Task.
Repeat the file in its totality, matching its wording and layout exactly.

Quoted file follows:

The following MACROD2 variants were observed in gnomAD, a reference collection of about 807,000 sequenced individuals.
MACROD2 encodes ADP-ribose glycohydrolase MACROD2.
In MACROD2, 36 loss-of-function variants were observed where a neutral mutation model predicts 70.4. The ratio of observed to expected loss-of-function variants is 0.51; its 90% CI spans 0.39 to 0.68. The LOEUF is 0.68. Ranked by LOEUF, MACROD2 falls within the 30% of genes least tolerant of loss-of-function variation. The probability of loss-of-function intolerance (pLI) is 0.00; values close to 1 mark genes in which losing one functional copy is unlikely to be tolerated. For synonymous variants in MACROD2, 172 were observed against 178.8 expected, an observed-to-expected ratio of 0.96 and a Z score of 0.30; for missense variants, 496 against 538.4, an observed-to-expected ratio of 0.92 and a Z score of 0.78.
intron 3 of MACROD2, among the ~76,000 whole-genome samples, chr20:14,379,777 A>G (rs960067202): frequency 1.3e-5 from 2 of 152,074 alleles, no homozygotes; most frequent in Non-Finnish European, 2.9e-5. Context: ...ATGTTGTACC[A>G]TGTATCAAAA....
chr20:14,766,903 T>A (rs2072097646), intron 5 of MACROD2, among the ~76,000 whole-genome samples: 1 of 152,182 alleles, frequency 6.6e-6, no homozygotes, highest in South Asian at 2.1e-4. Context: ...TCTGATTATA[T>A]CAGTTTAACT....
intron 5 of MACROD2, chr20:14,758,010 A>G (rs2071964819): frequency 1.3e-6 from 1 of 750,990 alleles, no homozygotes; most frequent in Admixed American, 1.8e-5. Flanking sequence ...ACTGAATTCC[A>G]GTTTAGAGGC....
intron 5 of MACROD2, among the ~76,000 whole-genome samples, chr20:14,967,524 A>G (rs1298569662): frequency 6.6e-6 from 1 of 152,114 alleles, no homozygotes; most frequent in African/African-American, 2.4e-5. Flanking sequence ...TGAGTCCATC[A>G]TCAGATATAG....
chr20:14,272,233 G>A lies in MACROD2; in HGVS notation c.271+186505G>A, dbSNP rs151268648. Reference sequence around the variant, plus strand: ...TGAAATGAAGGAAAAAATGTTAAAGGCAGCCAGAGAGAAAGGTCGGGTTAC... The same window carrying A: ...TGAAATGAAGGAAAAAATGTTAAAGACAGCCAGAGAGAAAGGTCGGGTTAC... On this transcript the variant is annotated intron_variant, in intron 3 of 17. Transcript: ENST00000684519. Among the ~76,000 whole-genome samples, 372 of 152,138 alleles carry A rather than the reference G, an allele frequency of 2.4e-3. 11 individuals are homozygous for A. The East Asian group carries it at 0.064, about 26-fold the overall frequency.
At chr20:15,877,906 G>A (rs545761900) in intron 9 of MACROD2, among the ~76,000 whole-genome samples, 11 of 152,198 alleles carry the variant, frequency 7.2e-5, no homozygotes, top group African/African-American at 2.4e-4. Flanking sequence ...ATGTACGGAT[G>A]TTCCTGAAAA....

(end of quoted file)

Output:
The following MACROD2 variants were observed in gnomAD, a reference collection of about 807,000 sequenced individuals.
MACROD2 encodes ADP-ribose glycohydrolase MACROD2.
In MACROD2, 36 loss-of-function variants were observed where a neutral mutation model predicts 70.4. The ratio of observed to expected loss-of-function variants is 0.51; its 90% CI spans 0.39 to 0.68. The LOEUF is 0.68. Ranked by LOEUF, MACROD2 falls within the 30% of genes least tolerant of loss-of-function variation. The probability of loss-of-function intolerance (pLI) is 0.00; values close to 1 mark genes in which losing one functional copy is unlikely to be tolerated. For synonymous variants in MACROD2, 172 were observed against 178.8 expected, an observed-to-expected ratio of 0.96 and a Z score of 0.30; for missense variants, 496 against 538.4, an observed-to-expected ratio of 0.92 and a Z score of 0.78.
intron 3 of MACROD2, among the ~76,000 whole-genome samples, chr20:14,379,777 A>G (rs960067202): frequency 1.3e-5 from 2 of 152,074 alleles, no homozygotes; most frequent in Non-Finnish European, 2.9e-5. Context: ...ATGTTGTACC[A>G]TGTATCAAAA....
chr20:14,766,903 T>A (rs2072097646), intron 5 of MACROD2, among the ~76,000 whole-genome samples: 1 of 152,182 alleles, frequency 6.6e-6, no homozygotes, highest in South Asian at 2.1e-4. Context: ...TCTGATTATA[T>A]CAGTTTAACT....
intron 5 of MACROD2, chr20:14,758,010 A>G (rs2071964819): frequency 1.3e-6 from 1 of 750,990 alleles, no homozygotes; most frequent in Admixed American, 1.8e-5. Flanking sequence ...ACTGAATTCC[A>G]GTTTAGAGGC....
intron 5 of MACROD2, among the ~76,000 whole-genome samples, chr20:14,967,524 A>G (rs1298569662): frequency 6.6e-6 from 1 of 152,114 alleles, no homozygotes; most frequent in African/African-American, 2.4e-5. Flanking sequence ...TGAGTCCATC[A>G]TCAGATATAG....
chr20:14,272,233 G>A lies in MACROD2; in HGVS notation c.271+186505G>A, dbSNP rs151268648. Reference sequence around the variant, plus strand: ...TGAAATGAAGGAAAAAATGTTAAAGGCAGCCAGAGAGAAAGGTCGGGTTAC... The same window carrying A: ...TGAAATGAAGGAAAAAATGTTAAAGACAGCCAGAGAGAAAGGTCGGGTTAC... On this transcript the variant is annotated intron_variant, in intron 3 of 17. Transcript: ENST00000684519. Among the ~76,000 whole-genome samples, 372 of 152,138 alleles carry A rather than the reference G, an allele frequency of 2.4e-3. 11 individuals are homozygous for A. The East Asian group carries it at 0.064, about 26-fold the overall frequency.
At chr20:15,877,906 G>A (rs545761900) in intron 9 of MACROD2, among the ~76,000 whole-genome samples, 11 of 152,198 alleles carry the variant, frequency 7.2e-5, no homozygotes, top group African/African-American at 2.4e-4. Flanking sequence ...ATGTACGGAT[G>A]TTCCTGAAAA....